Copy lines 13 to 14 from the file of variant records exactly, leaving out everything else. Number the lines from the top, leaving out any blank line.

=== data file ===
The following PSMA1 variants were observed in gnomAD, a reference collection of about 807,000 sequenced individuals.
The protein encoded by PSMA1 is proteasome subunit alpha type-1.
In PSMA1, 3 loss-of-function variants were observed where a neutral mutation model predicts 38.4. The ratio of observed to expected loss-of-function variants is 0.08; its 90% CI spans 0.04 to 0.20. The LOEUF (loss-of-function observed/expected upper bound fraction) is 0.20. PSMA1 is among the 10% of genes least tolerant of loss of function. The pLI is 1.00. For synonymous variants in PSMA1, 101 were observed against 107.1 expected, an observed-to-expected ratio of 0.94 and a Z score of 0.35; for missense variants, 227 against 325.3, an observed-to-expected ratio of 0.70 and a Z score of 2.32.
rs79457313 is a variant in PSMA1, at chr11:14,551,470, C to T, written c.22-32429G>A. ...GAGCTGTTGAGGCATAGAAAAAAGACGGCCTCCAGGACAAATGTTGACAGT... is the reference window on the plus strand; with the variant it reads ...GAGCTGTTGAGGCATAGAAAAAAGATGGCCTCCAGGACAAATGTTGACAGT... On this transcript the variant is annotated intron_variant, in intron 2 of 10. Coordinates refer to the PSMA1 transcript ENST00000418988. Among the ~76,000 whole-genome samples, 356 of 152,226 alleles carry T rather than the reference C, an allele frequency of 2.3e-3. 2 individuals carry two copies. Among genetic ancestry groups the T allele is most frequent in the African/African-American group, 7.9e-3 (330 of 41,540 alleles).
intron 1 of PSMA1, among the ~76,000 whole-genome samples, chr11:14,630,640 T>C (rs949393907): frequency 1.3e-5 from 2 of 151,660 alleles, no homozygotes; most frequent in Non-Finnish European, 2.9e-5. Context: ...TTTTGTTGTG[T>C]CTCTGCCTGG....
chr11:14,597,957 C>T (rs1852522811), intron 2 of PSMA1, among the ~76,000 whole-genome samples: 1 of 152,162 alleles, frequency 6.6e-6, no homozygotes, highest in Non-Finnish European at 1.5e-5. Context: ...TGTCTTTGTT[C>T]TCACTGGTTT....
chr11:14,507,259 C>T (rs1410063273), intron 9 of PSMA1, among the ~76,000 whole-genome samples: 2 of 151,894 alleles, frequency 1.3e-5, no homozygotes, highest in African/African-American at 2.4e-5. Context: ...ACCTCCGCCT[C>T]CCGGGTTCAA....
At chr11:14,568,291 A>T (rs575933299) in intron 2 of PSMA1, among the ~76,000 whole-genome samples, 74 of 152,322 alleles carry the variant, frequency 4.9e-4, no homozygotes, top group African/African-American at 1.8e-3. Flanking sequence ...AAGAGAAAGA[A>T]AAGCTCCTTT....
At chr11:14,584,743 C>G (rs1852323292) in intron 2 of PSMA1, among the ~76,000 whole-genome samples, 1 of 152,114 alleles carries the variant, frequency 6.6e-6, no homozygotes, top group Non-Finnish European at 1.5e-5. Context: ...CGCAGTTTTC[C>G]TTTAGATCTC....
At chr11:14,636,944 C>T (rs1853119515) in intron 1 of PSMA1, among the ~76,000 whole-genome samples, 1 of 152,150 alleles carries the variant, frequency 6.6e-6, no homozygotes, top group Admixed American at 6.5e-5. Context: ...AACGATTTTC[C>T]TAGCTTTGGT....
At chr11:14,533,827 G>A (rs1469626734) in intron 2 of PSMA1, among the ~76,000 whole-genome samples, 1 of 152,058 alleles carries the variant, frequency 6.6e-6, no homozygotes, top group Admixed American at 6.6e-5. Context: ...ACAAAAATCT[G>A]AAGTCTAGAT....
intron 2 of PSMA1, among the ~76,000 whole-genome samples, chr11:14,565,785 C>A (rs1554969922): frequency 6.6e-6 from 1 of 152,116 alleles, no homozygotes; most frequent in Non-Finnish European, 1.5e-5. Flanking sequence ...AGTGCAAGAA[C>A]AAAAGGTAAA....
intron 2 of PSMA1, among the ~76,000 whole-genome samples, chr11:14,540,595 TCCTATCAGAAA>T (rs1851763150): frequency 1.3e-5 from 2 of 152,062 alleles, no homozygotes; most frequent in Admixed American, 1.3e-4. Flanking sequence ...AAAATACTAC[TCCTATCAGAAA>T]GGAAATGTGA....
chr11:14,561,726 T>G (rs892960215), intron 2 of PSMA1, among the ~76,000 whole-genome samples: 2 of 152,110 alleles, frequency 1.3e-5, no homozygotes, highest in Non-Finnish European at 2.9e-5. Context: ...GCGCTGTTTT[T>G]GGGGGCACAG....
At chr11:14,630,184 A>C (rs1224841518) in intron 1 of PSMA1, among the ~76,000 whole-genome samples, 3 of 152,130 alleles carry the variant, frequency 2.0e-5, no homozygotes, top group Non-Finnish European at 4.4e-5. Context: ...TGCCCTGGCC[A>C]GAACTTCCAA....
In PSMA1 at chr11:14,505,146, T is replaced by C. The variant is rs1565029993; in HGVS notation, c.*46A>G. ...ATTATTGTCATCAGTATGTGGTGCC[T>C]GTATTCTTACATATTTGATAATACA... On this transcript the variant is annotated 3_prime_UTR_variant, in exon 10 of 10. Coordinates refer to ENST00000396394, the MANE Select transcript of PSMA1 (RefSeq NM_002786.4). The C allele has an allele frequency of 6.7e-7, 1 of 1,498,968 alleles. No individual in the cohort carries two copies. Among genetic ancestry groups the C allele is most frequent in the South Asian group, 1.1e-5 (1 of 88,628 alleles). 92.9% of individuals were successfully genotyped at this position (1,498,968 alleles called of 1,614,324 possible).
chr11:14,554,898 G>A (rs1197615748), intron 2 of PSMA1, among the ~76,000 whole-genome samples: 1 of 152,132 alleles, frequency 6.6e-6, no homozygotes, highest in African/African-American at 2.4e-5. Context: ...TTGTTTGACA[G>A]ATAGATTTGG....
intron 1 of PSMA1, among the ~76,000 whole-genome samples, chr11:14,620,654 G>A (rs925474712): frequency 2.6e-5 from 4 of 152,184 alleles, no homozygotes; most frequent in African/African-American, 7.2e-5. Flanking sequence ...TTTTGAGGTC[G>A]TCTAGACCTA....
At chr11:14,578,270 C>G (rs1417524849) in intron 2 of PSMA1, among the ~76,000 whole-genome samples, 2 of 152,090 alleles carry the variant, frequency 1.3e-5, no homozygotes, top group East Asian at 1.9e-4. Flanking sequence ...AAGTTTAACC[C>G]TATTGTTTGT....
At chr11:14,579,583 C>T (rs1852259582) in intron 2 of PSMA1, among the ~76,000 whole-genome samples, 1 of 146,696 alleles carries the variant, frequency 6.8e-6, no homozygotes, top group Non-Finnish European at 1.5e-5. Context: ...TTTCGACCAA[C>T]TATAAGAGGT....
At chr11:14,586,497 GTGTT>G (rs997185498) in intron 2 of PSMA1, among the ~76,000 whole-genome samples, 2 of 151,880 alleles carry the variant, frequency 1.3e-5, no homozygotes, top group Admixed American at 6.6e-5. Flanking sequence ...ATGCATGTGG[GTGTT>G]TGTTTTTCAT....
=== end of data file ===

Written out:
intron 2 of PSMA1, among the ~76,000 whole-genome samples, chr11:14,540,595 TCCTATCAGAAA>T (rs1851763150): frequency 1.3e-5 from 2 of 152,062 alleles, no homozygotes; most frequent in Admixed American, 1.3e-4. Flanking sequence ...AAAATACTAC[TCCTATCAGAAA>T]GGAAATGTGA....
chr11:14,561,726 T>G (rs892960215), intron 2 of PSMA1, among the ~76,000 whole-genome samples: 2 of 152,110 alleles, frequency 1.3e-5, no homozygotes, highest in Non-Finnish European at 2.9e-5. Context: ...GCGCTGTTTT[T>G]GGGGGCACAG....